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Trial approved for COVID-19 pill

By ANGUS McNEICE in London | China Daily Global | Updated: 2020-07-09 09:36
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A drug testing platform in the United Kingdom is launching the second phase of human trials for an experimental antiviral treatment that could be given to COVID-19 patients in pill form.

The drug, which is called EIDD-2801, was initially developed to treat influenza, and researchers involved in the trial say the treatment "could change the future of the pandemic" if it displays efficacy against novel coronavirus infection.

The drug works in a similar way to remdesivir, an antiviral treatment that has shown early promise in combating severe symptoms in COVID-19 patients. EIDD-2801 has an advantage over remdesivir because it can be given to patients orally, instead of through an injection. This means that patients could take the drug at home, earlier in the course of infection.

The trial, which recently gained approval from the UK drug regulator, will be conducted at a clinical research unit at the Royal Liverpool University Hospital.

"We approved this trial, as it not only innovates in the early clinical trial process, which is crucial in the current pandemic, but it is also robust and safe, providing opportunities for more rapid progress towards suitable treatment options," said Siu Ping Lam, who is the director of licensing at the UK Medicines and Healthcare products Regulatory Agency.

EIDD-2801 was proven to be safe in humans following phase one human trials in the UK in April. The company that holds licensing for the drug, the United States-based Ridgeback Biotherapeutics, began pursuing trials in people after promising results in animal testing.

In animal studies, EIDD-2801 was shown to improve pulmonary function, decrease weight loss and reduce the viral load in the lungs.

The drug works by introducing a series of copying errors during viral RNA replication, essentially killing a virus by forcing a cascade of mutations. In a laboratory setting, EIDD-2801 has been shown to trigger this antiviral reaction in several members in the coronavirus family, including SARS, MERS, and SARSCoV-2, which is another name for the novel coronavirus.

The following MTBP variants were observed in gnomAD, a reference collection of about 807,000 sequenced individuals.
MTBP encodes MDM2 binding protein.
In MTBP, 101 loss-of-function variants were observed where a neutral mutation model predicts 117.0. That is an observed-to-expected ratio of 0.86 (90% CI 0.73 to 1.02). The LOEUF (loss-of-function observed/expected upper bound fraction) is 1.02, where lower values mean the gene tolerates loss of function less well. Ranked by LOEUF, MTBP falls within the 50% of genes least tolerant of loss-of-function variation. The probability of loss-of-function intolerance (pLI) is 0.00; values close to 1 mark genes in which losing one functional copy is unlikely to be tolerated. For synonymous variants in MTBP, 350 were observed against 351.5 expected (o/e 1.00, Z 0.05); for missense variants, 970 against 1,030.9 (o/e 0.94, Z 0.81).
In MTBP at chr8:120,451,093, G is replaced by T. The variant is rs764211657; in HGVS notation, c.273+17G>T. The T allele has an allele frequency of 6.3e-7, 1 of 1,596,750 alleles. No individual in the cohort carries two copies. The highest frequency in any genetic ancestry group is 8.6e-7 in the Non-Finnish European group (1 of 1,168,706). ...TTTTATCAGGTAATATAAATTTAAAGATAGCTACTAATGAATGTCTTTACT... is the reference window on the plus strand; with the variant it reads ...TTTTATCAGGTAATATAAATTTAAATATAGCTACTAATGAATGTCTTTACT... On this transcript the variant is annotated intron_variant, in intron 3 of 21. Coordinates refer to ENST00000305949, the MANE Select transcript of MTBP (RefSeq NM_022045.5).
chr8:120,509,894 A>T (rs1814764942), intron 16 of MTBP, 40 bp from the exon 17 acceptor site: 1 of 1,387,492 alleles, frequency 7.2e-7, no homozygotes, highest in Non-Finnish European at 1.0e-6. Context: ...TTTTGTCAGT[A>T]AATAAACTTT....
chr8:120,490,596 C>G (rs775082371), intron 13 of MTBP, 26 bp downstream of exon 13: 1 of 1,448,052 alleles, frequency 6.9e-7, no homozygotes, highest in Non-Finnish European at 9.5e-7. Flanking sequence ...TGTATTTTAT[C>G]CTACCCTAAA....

EIDD-2801 is the first COVID-19 therapy set for human trialing under the recently-formed UK-based COVID-19 drug testing platform AGILE. The platform includes researchers from Liverpool, Southampton and Lancaster universities, as well as the Liverpool School of Tropical Medicine and the Southampton Clinical Trials Unit, among other partners.

Saye Khoo, who is a professor in molecular and clinical pharmacology at Liverpool University and is chief investigator on AGILE, said he is optimistic that the platform "will accelerate the development of treatments for COVID-19". Khoo said AGILE will bridge the gap between preclinical drug discovery and large-scale testing, thereby "rapidly identifying drugs that have the best chance of success".

"In the ongoing COVID-19 pandemic, we need to find innovative ways to identify safe and effective treatments as soon as possible," Khoo said. "Seeing the launch of this new platform to test brand new COVID-19 treatments is truly exciting given the impact that any effective treatment could have on the pandemic and restarting society."

Last month AGILE received 2.2 million pounds ($2.76 million) in funding from Unitaid, a multinational health organization headquartered in Switzerland.

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